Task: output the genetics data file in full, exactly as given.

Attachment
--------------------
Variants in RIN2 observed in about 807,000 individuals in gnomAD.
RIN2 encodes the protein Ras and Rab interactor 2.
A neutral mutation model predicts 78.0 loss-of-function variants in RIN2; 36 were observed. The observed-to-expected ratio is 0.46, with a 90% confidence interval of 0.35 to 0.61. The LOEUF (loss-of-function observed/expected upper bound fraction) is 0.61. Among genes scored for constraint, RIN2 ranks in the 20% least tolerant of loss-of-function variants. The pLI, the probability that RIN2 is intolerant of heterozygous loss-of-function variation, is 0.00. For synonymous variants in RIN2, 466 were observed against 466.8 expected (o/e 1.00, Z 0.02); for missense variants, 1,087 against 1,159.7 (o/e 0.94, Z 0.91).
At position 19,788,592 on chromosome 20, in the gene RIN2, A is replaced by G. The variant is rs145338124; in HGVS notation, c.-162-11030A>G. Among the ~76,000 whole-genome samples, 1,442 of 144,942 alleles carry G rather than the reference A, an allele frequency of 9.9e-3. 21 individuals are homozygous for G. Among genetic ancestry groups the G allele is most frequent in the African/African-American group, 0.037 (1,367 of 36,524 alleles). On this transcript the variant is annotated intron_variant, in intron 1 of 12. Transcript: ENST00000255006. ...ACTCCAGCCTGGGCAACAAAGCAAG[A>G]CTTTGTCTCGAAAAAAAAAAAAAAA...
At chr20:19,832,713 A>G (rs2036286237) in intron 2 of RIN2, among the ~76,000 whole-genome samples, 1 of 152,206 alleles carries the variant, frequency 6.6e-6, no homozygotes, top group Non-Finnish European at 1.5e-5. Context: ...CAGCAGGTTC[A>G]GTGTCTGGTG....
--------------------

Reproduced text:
Variants in RIN2 observed in about 807,000 individuals in gnomAD.
RIN2 encodes the protein Ras and Rab interactor 2.
A neutral mutation model predicts 78.0 loss-of-function variants in RIN2; 36 were observed. The observed-to-expected ratio is 0.46, with a 90% confidence interval of 0.35 to 0.61. The LOEUF (loss-of-function observed/expected upper bound fraction) is 0.61. Among genes scored for constraint, RIN2 ranks in the 20% least tolerant of loss-of-function variants. The pLI, the probability that RIN2 is intolerant of heterozygous loss-of-function variation, is 0.00. For synonymous variants in RIN2, 466 were observed against 466.8 expected (o/e 1.00, Z 0.02); for missense variants, 1,087 against 1,159.7 (o/e 0.94, Z 0.91).
At position 19,788,592 on chromosome 20, in the gene RIN2, A is replaced by G. The variant is rs145338124; in HGVS notation, c.-162-11030A>G. Among the ~76,000 whole-genome samples, 1,442 of 144,942 alleles carry G rather than the reference A, an allele frequency of 9.9e-3. 21 individuals are homozygous for G. Among genetic ancestry groups the G allele is most frequent in the African/African-American group, 0.037 (1,367 of 36,524 alleles). On this transcript the variant is annotated intron_variant, in intron 1 of 12. Transcript: ENST00000255006. ...ACTCCAGCCTGGGCAACAAAGCAAG[A>G]CTTTGTCTCGAAAAAAAAAAAAAAA...
At chr20:19,832,713 A>G (rs2036286237) in intron 2 of RIN2, among the ~76,000 whole-genome samples, 1 of 152,206 alleles carries the variant, frequency 6.6e-6, no homozygotes, top group Non-Finnish European at 1.5e-5. Context: ...CAGCAGGTTC[A>G]GTGTCTGGTG....